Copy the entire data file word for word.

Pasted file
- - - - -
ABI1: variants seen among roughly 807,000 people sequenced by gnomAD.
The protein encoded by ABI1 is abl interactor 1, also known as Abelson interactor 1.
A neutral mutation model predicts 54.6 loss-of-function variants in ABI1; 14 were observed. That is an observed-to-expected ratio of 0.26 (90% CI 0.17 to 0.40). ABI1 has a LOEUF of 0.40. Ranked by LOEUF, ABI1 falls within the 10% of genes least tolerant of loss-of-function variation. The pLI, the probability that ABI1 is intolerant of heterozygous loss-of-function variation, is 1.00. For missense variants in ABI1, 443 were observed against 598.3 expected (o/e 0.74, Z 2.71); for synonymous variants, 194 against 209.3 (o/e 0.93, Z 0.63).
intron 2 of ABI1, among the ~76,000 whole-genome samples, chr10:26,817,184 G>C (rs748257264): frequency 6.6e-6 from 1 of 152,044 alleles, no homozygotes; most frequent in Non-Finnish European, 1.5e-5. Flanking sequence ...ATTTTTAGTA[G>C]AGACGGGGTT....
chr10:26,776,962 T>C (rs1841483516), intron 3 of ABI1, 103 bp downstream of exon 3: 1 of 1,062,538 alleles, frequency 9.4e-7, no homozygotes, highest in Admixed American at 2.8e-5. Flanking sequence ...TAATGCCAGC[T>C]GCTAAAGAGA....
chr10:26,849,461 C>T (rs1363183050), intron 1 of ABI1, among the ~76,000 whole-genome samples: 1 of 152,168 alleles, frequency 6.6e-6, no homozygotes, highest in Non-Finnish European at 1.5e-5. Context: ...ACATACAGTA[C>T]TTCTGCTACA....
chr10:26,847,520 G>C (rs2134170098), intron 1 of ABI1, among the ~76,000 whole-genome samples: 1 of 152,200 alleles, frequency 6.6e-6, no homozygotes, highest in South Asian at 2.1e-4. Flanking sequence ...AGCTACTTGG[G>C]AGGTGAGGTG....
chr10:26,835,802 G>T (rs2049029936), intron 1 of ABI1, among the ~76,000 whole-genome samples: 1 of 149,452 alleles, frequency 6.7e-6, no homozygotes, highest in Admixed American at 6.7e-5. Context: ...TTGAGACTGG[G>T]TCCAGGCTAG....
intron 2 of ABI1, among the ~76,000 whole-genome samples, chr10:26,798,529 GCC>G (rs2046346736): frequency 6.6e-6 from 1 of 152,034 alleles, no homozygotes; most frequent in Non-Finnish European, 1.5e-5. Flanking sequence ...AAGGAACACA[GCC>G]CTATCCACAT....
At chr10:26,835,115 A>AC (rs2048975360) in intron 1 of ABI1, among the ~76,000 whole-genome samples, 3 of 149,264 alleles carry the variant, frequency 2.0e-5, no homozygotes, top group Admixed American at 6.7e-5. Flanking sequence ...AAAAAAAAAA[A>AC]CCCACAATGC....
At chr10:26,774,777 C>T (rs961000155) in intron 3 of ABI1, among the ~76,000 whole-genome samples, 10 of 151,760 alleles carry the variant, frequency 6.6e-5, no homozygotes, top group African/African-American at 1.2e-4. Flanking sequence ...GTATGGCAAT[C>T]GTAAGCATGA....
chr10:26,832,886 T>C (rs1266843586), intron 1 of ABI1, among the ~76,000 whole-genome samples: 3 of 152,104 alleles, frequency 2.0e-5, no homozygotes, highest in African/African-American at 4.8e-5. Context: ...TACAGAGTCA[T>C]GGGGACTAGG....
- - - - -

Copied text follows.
ABI1: variants seen among roughly 807,000 people sequenced by gnomAD.
The protein encoded by ABI1 is abl interactor 1, also known as Abelson interactor 1.
A neutral mutation model predicts 54.6 loss-of-function variants in ABI1; 14 were observed. That is an observed-to-expected ratio of 0.26 (90% CI 0.17 to 0.40). ABI1 has a LOEUF of 0.40. Ranked by LOEUF, ABI1 falls within the 10% of genes least tolerant of loss-of-function variation. The pLI, the probability that ABI1 is intolerant of heterozygous loss-of-function variation, is 1.00. For missense variants in ABI1, 443 were observed against 598.3 expected (o/e 0.74, Z 2.71); for synonymous variants, 194 against 209.3 (o/e 0.93, Z 0.63).
intron 2 of ABI1, among the ~76,000 whole-genome samples, chr10:26,817,184 G>C (rs748257264): frequency 6.6e-6 from 1 of 152,044 alleles, no homozygotes; most frequent in Non-Finnish European, 1.5e-5. Flanking sequence ...ATTTTTAGTA[G>C]AGACGGGGTT....
chr10:26,776,962 T>C (rs1841483516), intron 3 of ABI1, 103 bp downstream of exon 3: 1 of 1,062,538 alleles, frequency 9.4e-7, no homozygotes, highest in Admixed American at 2.8e-5. Flanking sequence ...TAATGCCAGC[T>C]GCTAAAGAGA....
chr10:26,849,461 C>T (rs1363183050), intron 1 of ABI1, among the ~76,000 whole-genome samples: 1 of 152,168 alleles, frequency 6.6e-6, no homozygotes, highest in Non-Finnish European at 1.5e-5. Context: ...ACATACAGTA[C>T]TTCTGCTACA....
chr10:26,847,520 G>C (rs2134170098), intron 1 of ABI1, among the ~76,000 whole-genome samples: 1 of 152,200 alleles, frequency 6.6e-6, no homozygotes, highest in South Asian at 2.1e-4. Flanking sequence ...AGCTACTTGG[G>C]AGGTGAGGTG....
chr10:26,835,802 G>T (rs2049029936), intron 1 of ABI1, among the ~76,000 whole-genome samples: 1 of 149,452 alleles, frequency 6.7e-6, no homozygotes, highest in Admixed American at 6.7e-5. Context: ...TTGAGACTGG[G>T]TCCAGGCTAG....
intron 2 of ABI1, among the ~76,000 whole-genome samples, chr10:26,798,529 GCC>G (rs2046346736): frequency 6.6e-6 from 1 of 152,034 alleles, no homozygotes; most frequent in Non-Finnish European, 1.5e-5. Flanking sequence ...AAGGAACACA[GCC>G]CTATCCACAT....
At chr10:26,835,115 A>AC (rs2048975360) in intron 1 of ABI1, among the ~76,000 whole-genome samples, 3 of 149,264 alleles carry the variant, frequency 2.0e-5, no homozygotes, top group Admixed American at 6.7e-5. Flanking sequence ...AAAAAAAAAA[A>AC]CCCACAATGC....
At chr10:26,774,777 C>T (rs961000155) in intron 3 of ABI1, among the ~76,000 whole-genome samples, 10 of 151,760 alleles carry the variant, frequency 6.6e-5, no homozygotes, top group African/African-American at 1.2e-4. Flanking sequence ...GTATGGCAAT[C>T]GTAAGCATGA....
chr10:26,832,886 T>C (rs1266843586), intron 1 of ABI1, among the ~76,000 whole-genome samples: 3 of 152,104 alleles, frequency 2.0e-5, no homozygotes, highest in African/African-American at 4.8e-5. Context: ...TACAGAGTCA[T>C]GGGGACTAGG....